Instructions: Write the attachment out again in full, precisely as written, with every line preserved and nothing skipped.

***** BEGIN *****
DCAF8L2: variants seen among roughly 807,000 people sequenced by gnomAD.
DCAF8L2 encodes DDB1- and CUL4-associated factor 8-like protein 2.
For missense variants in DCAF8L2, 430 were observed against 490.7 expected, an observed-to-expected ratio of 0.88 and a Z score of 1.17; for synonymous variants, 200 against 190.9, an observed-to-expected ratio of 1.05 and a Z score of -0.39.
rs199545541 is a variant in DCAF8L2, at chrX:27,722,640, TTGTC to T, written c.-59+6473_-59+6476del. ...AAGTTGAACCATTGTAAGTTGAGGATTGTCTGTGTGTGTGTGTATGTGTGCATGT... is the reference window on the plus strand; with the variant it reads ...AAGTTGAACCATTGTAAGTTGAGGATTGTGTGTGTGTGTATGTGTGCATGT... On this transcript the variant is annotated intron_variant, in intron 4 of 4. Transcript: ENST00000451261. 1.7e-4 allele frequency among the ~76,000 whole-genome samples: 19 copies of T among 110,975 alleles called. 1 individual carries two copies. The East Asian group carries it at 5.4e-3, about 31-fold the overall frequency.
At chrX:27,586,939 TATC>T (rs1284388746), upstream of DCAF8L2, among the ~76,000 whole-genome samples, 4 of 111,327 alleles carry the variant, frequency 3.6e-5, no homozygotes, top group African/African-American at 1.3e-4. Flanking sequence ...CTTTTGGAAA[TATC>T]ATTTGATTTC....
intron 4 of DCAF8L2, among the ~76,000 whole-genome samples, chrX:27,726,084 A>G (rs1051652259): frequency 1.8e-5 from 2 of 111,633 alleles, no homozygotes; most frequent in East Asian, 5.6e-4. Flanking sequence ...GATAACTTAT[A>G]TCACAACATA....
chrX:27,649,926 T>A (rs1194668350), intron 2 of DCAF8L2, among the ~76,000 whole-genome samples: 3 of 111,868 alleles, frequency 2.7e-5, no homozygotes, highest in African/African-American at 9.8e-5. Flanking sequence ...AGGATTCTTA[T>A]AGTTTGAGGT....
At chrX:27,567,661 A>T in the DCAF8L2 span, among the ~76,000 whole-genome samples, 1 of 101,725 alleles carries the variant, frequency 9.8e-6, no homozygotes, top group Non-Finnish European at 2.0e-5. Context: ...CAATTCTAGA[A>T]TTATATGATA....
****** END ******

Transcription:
DCAF8L2: variants seen among roughly 807,000 people sequenced by gnomAD.
DCAF8L2 encodes DDB1- and CUL4-associated factor 8-like protein 2.
For missense variants in DCAF8L2, 430 were observed against 490.7 expected, an observed-to-expected ratio of 0.88 and a Z score of 1.17; for synonymous variants, 200 against 190.9, an observed-to-expected ratio of 1.05 and a Z score of -0.39.
rs199545541 is a variant in DCAF8L2, at chrX:27,722,640, TTGTC to T, written c.-59+6473_-59+6476del. ...AAGTTGAACCATTGTAAGTTGAGGATTGTCTGTGTGTGTGTGTATGTGTGCATGT... is the reference window on the plus strand; with the variant it reads ...AAGTTGAACCATTGTAAGTTGAGGATTGTGTGTGTGTGTATGTGTGCATGT... On this transcript the variant is annotated intron_variant, in intron 4 of 4. Transcript: ENST00000451261. 1.7e-4 allele frequency among the ~76,000 whole-genome samples: 19 copies of T among 110,975 alleles called. 1 individual carries two copies. The East Asian group carries it at 5.4e-3, about 31-fold the overall frequency.
At chrX:27,586,939 TATC>T (rs1284388746), upstream of DCAF8L2, among the ~76,000 whole-genome samples, 4 of 111,327 alleles carry the variant, frequency 3.6e-5, no homozygotes, top group African/African-American at 1.3e-4. Flanking sequence ...CTTTTGGAAA[TATC>T]ATTTGATTTC....
intron 4 of DCAF8L2, among the ~76,000 whole-genome samples, chrX:27,726,084 A>G (rs1051652259): frequency 1.8e-5 from 2 of 111,633 alleles, no homozygotes; most frequent in East Asian, 5.6e-4. Flanking sequence ...GATAACTTAT[A>G]TCACAACATA....
chrX:27,649,926 T>A (rs1194668350), intron 2 of DCAF8L2, among the ~76,000 whole-genome samples: 3 of 111,868 alleles, frequency 2.7e-5, no homozygotes, highest in African/African-American at 9.8e-5. Flanking sequence ...AGGATTCTTA[T>A]AGTTTGAGGT....
At chrX:27,567,661 A>T in the DCAF8L2 span, among the ~76,000 whole-genome samples, 1 of 101,725 alleles carries the variant, frequency 9.8e-6, no homozygotes, top group Non-Finnish European at 2.0e-5. Context: ...CAATTCTAGA[A>T]TTATATGATA....